About Me

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I am a below knee amputee. More importantly, I am also Mommy to two boys, a very active 10 year old (Robby) and an mischievous toddler (Timmy). I have learned that being a parent with a disability can create some unusual and sometimes humorous situations. This blogger is available for hire! Let's talk and learn how a blog can expand your business.

Friday, August 02, 2013

New Opportunities

Although my readership has grown substantially since I started writing, I continue to be in awe that somebody takes time out of their day to read my words. With each blog post, I strive to be honest and unbiased. (My husband would add that at times I am perhaps too honest.) I wanted to use this post to let everybody know about some exciting new opportunities have come my way.

Several months ago I was contacted by an up-and-coming website, Unlimiters.com. The founder wrote to me and offered me the opportunity to author a blog on his site. After sharing his story and his vision for his business, I agreed that it was something that I would feel proud to be associated with and signed on to be a Featured Blogger.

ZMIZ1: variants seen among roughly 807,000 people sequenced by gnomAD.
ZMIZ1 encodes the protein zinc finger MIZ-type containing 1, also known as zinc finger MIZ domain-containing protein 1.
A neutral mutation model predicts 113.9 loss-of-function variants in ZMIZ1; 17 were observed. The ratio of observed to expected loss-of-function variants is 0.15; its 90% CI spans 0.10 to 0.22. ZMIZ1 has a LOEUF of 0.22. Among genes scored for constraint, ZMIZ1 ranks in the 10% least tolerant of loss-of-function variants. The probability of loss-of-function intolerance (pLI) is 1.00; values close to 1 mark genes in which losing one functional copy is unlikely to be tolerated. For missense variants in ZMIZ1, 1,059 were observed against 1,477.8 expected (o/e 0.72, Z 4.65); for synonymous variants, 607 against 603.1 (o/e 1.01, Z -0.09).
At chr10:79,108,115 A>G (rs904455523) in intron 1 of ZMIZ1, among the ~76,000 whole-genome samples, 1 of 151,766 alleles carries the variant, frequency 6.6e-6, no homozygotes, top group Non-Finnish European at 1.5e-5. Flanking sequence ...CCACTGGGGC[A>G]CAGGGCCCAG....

Each Friday I author a post which features a product that I have found helpful since becoming an amputee. The products that I recommend, along with a myriad of others, become available in the virtual store on the site. Because I would never want to endorse something that I don't use or believe in, each featured product is of my choosing. These blog posts require a different style of writing and the challenge has been rewarding. I invite you to check out the website and blog, and please let me know if you have any product suggestions.  In the quest for full disclosure, I am financially compensated for those blog posts but not for the product sales.

A few weeks ago another interesting opportunity arose. I was contacted by the representatives of a VPN company, HotspotShield.com, and offered a unique partnership. To be honest I had no idea what a VPN was or why one would be necessary. When I received the email I immediately forwarded it to Scott with the request for him to research both the company and the product.